“I will read one sentence and go ‘I wish I had written that’,” said Jodi. “It’s a book I wish I’d written. It’s so beautiful. His turn of phrase and metaphors are just stunning. There is music in his words.”

The Book Thief documents a dark time in the history of Europe as the Nazis rose to power in Germany and began their persecution of the Jews.

“It is really difficult material in many ways,” admitted Jodi. “There’s no getting away from it, it is about the Holocaust. That said one of the reasons Markus wrote it was to point out that at the time ordinary Germans did not know they were living through.

“And there are true moments or joy and laughter in this piece that you’d be surprised by. There are moments of great beauty and connection and delight.”

Part of the appeal of dramatising the Book Thief for both Jodi and Tim was the extraordinary relevance the story from the 1930s has today.

“When we first started working on it we were seeing Donald Trump rising in popularity in the States,” said Tim. “History has a way of not staying in the past and we thought that it would be a great cautionary tale.

“Then we had the pandemic, the war in Ukraine, the rise in extremism in politics on both sides of the Atlantic. Scary things are happening and once again people are looking for scapegoats. What’s really important is that this is not a historical piece any more. This is about what is happening right now in your country and our country.”


The Bolton News: Bolton OctagonBolton Octagon (Image: Bolton Octagon)

Book Thief opens at Bolton Octagon on September 17


“We were rehearsing a book burning scene last week,” said Jodi, “ and at the same time I saw on Twitter that one of my books had been banned in Florida. The book, 19 minutes, is about a school shooting but they don’t have a problem with the violence; it’s a scene of date rape which one parent deemed to be porn that was the offensive and led to it being banned.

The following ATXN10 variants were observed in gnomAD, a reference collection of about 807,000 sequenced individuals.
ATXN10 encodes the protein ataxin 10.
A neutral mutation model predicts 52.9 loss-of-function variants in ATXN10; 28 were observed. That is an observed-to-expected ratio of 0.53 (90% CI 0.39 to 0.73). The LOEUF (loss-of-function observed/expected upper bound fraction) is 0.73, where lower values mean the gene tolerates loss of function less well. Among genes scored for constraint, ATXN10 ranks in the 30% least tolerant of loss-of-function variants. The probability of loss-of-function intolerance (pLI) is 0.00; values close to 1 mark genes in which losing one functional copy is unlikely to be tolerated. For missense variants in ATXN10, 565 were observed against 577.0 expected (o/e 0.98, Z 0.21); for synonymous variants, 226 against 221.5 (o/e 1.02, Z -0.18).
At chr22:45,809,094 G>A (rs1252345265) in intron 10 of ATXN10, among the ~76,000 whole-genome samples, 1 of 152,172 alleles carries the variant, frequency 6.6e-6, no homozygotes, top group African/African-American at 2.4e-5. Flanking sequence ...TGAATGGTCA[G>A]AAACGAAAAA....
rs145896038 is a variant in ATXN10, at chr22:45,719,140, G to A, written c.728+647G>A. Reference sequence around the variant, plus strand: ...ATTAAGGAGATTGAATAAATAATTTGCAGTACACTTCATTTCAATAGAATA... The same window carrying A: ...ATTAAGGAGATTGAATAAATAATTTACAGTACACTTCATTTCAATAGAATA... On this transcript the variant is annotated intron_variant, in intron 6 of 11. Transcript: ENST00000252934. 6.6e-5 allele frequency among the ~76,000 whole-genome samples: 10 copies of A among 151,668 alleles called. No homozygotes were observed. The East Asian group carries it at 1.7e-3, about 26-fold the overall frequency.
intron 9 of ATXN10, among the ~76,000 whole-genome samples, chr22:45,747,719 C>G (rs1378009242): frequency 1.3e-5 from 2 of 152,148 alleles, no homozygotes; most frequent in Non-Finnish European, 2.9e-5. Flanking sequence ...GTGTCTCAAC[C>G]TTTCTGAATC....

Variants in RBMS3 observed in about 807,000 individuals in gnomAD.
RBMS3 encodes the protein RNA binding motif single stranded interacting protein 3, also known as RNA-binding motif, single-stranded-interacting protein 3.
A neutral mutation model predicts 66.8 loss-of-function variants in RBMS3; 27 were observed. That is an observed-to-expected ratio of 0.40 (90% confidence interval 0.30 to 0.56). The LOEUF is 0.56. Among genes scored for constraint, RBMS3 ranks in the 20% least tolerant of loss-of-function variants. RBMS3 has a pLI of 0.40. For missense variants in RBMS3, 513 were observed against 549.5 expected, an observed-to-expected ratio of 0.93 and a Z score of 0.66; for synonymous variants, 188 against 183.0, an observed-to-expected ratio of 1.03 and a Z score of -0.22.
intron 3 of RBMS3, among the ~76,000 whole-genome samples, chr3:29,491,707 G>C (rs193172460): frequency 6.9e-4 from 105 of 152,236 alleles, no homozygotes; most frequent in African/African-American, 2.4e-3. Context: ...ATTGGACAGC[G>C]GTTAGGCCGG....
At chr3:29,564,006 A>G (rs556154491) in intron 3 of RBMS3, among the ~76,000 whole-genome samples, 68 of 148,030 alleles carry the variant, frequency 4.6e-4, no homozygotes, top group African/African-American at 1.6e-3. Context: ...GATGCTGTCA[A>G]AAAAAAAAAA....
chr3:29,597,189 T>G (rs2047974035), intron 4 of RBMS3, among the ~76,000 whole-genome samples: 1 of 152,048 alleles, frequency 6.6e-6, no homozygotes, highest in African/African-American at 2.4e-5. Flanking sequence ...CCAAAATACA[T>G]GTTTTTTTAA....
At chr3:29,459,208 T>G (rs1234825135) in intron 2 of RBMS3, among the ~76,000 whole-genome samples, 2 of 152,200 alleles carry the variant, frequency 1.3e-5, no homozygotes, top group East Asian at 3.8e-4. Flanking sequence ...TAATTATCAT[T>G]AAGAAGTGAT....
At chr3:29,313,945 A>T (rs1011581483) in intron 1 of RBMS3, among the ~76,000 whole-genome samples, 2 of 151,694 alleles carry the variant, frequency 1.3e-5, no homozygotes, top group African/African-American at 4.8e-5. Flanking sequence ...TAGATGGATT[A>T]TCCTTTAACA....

“That’s kind of where we are in America right now. We are hair’s breadth away from burning books. There’s a very militant group of people trying to control what gets out and who gets to read it.”

But with a mesmerising score by Elyssa Samsel and Kate Anderson, The Book Thief is a piece which offers hope.

“There is something about delivering emotion through music which adds a whole layer that you can’t do with words,” said Jodi, “what they have achieved is truly beautiful.”

“I think when people hear that the Book Thief is going to be staged as a musical they have the idea that it will be like Annie,” said Tim. “It most certainly won’t be. The songs and music contribute so much to the show.”

Collaboration is a word which crops up many times during our conversation and it’s clear that The Book Thief is very much a team effort.

“There were no egos at work,” said Tim. “We were all very much playing in the same sandbox.”

Although a best seller, Jodi and Tim are keen to point out you don’t need to have read the book to enjoy the show.

“If you have, you’ll come and see the show and go ‘oh I see what they are doing’ and if you haven’t read it there’s going to be a terrific reveal for you by the end,” she said.

So what do they hope audiences will take away from the show?

“We want them to come away with idea that kindness can make the world a better place. A simple act of daily kindness, just taking that little extra step will solve our problems - that’s what we have lost.”

“You can't get rid of the hate but you can find a way out of it through all these momentary acts of kindness and connections and I think that’s something we’d be all very smart to keep in our heads right now.”

With such a high profile team behind it who knows where The Book Thief will go from here - the West End and even Broadway have been whispered about. But for the moment, the Octagon will take centre stage for a genuine world first.

The Book Thief, Bolton Octagon Theatre, Saturday, September 17 to Saturday, October 15. Details from